AOTC Themes On Star

Dan Zehr is back with another installment of his Studying Skywalkers series, this time on the themes of AOTC:

The love that Anakin and Padmé share will eventually bring peace to the galaxy, but the journey towards that peace is ripe with strife and discord. The Jedi Knight and the former queen wish to be together, and express this in the coliseum on Geonosis. Love can sometimes bring pain, as the couple learns; in order to be together, they must practice deceit, as well as lie to their friends. This is not an ideal foundation to build a relationship on, and their marriage, along with the Clone Wars, both become a metaphor for the destruction that dishonesty can do.


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11 Responses to “AOTC Themes On Star”

  1. Hoggle Says:

    AoTCs is key to understanding the first six films, & the two trilogies as a saga, in a story & emotional sense.

    The Jedi order had become about the ‘letter of the law’ type of thing, & the republic had gotten away from them.

    Anakin with the help and encouragement of Palpatine, rebelled further to this general approach with the Jedi in such a degree that he got himself emotionally in over his head than he was equiped to deal with by his Jedi upbring in his relationships, with a significant portion of his personal Jedi code in tatters by the end of AoTC.

    The Jedi Order, also lost their head about this when it came up for them, by taking the temptation of the Clone Armies, which quickly lead to the dismantling of the galactic republic from within.

    There are more perfect Star Wars films, but AoTCs may be the greatest one in a number of ways 🙂

    • lazypadawan Says:


      Just to let you know every comment from a new user is moderated, that’s why it didn’t show up the first time you posted.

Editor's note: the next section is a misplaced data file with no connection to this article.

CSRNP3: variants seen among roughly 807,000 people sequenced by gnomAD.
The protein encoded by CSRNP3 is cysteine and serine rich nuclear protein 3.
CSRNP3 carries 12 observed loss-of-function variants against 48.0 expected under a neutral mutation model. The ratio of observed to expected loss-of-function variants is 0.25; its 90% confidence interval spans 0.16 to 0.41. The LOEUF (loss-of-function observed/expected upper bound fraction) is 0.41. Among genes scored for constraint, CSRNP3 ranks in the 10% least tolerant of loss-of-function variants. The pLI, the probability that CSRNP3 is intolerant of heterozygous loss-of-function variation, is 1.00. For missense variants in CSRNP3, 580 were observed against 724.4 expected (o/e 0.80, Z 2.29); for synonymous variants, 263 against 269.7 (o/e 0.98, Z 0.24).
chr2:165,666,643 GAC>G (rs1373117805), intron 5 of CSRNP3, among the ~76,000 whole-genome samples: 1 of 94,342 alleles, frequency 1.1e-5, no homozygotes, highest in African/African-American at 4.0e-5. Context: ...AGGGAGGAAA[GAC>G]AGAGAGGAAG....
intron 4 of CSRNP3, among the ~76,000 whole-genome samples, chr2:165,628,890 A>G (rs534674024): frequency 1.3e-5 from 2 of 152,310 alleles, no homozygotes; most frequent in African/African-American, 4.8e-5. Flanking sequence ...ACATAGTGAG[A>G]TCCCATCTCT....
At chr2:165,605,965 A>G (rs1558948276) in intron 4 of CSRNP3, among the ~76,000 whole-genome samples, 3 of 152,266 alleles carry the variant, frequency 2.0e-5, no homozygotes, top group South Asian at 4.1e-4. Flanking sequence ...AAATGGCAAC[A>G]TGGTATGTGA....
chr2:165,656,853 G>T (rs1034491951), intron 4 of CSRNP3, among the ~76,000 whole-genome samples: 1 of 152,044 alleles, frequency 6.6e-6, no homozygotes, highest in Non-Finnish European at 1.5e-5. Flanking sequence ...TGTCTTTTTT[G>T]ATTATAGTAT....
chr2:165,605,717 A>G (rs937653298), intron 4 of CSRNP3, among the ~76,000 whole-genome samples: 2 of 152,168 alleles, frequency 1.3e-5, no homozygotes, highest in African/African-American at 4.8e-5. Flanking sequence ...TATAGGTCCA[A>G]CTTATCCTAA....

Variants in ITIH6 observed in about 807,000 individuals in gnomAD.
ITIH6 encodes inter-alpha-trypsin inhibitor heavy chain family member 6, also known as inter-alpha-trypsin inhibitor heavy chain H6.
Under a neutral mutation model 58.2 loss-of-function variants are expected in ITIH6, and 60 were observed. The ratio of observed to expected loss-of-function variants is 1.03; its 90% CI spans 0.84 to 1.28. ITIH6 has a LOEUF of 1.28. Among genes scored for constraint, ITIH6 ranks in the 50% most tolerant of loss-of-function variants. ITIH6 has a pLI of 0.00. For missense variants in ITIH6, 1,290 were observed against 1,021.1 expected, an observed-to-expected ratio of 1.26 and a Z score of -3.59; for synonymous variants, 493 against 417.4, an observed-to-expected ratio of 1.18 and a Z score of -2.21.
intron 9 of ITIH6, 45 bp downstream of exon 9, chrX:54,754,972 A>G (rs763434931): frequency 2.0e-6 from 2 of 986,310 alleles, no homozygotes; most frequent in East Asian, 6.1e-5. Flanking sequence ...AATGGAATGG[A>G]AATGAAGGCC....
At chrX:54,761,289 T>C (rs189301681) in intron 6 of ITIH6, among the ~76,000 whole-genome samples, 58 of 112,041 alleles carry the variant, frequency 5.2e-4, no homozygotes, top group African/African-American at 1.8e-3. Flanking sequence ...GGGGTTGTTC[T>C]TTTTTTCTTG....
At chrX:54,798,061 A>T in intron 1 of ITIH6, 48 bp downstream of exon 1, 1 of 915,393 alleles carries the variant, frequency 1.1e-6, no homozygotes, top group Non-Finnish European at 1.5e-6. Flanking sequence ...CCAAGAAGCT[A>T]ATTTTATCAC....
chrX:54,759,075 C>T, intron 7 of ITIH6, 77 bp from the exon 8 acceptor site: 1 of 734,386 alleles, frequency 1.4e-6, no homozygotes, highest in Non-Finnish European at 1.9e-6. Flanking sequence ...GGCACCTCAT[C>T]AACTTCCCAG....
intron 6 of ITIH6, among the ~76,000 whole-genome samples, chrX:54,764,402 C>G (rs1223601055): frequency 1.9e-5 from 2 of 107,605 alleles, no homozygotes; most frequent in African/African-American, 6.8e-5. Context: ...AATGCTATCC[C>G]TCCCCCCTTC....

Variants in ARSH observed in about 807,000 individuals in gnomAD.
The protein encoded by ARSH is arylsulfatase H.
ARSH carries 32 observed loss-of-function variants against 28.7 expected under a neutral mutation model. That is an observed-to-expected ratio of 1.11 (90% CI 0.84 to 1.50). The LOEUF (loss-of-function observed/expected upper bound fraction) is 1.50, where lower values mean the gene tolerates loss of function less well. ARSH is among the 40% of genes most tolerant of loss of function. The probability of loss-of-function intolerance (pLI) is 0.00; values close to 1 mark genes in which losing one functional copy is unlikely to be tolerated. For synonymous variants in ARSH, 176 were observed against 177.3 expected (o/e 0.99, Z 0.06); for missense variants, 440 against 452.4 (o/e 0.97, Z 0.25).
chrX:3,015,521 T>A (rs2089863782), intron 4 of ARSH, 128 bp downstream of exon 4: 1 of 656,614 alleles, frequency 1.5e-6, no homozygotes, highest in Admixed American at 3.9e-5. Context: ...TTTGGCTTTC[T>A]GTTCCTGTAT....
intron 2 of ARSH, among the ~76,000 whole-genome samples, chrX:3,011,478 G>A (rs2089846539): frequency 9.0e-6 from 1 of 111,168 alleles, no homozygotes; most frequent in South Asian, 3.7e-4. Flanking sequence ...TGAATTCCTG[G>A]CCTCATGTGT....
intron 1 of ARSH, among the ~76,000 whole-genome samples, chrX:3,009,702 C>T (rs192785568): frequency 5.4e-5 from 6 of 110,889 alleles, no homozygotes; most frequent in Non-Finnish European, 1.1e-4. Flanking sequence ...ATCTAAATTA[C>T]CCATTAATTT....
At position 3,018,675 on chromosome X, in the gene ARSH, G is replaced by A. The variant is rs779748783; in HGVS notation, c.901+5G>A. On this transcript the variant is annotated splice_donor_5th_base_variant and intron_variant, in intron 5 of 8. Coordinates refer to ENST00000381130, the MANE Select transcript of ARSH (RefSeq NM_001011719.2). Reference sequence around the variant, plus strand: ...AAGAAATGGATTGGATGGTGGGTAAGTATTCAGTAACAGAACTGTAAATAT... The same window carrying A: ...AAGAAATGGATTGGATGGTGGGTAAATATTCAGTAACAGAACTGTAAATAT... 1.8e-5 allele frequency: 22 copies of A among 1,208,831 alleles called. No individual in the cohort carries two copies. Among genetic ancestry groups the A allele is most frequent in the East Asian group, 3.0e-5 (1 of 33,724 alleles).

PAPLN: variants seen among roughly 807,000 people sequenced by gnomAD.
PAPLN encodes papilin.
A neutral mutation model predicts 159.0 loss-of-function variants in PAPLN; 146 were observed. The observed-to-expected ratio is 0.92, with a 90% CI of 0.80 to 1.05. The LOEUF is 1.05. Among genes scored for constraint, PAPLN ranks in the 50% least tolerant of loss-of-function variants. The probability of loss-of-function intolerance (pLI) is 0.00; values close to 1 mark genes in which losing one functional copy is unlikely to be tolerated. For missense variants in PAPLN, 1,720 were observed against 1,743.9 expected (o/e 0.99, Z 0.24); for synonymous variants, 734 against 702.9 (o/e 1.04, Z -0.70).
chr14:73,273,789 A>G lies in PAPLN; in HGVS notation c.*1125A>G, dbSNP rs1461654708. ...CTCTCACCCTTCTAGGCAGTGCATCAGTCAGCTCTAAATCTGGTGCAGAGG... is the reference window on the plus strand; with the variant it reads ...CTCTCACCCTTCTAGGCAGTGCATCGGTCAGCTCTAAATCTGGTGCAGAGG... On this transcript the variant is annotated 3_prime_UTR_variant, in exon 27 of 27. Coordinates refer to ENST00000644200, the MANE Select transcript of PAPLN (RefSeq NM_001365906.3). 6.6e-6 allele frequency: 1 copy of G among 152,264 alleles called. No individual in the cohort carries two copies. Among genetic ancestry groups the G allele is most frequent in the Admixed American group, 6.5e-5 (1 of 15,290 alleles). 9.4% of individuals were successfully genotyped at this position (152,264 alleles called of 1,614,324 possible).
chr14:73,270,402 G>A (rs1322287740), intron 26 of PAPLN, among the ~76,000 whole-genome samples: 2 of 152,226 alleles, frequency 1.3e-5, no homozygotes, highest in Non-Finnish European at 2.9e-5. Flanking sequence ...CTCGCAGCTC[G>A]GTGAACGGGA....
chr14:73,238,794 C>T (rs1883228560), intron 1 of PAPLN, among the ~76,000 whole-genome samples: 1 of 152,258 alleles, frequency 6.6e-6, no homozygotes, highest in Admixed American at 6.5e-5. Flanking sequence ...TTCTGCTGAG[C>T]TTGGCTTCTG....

2. susanbowes Says:

    In my fanfiction I wrote that continues the SW saga, I had Luke and his nephew Ben question the Jedi mandate not to allow themselves to fall in love. Luke later goes to the council (all dead and in the Netherworld – Luke too) and asks them to change the rule.

    I didn’t put this in my story, but I also think that the Jedi were wrong to separate children from their families at such a young age. All children need love and approval, especially when very young, but Obi-Wan and the Jedi never gave Anakin any affection, at least not outwardly. It’s no wonder Anakin turned to Palpatine and thought of him as a father figure. Even though manipulating Anakin, Palpatine praised him often.

    • Hoggle Says:

      I hope you had fun with your fan fac.

      WIth mine, Leia became the Matriarch of the entire galaxy (in a Dark Crystal type of ascension), in a cosmic sense, with the ancient prophecy being the fulfillment of astrological systems having their long dormnant demi-gods being able to reveal themselves to mortals, in the peaceful co-existence of a new republic’s planetary characteristics that made up their individual constellations. Anakin was actually her fallen first captain who she had initially sent to path the way for her return, & Luke was a lesser rank of their cosmic order. The midichlorians were unindividualised essences of the time keepers who ran the clocks of the galaxy’s initial harmony.

      Was/is about 2/3s new characters & stuff, 1/3 saga characters & stuff, & here was a good dash of Eygptian mythology in there also and, well anyways. Over all was abit of an etheric adventure of a sequel trilogy if i had to sum it up. I’m not normally a fan fictioner, but with such a phenomenal saga set up, & once i got into it….lol

      • susanbowes Says:

        Your story sounds very interesting too. Do you have it posted on the internet? If so, do you have a link to it. I’d like to read it. 🙂

        You’re right about SW being a phenomenal saga set up and who can blame anyone for not wanting to “get in on the fun” by writing fanfictions of their own.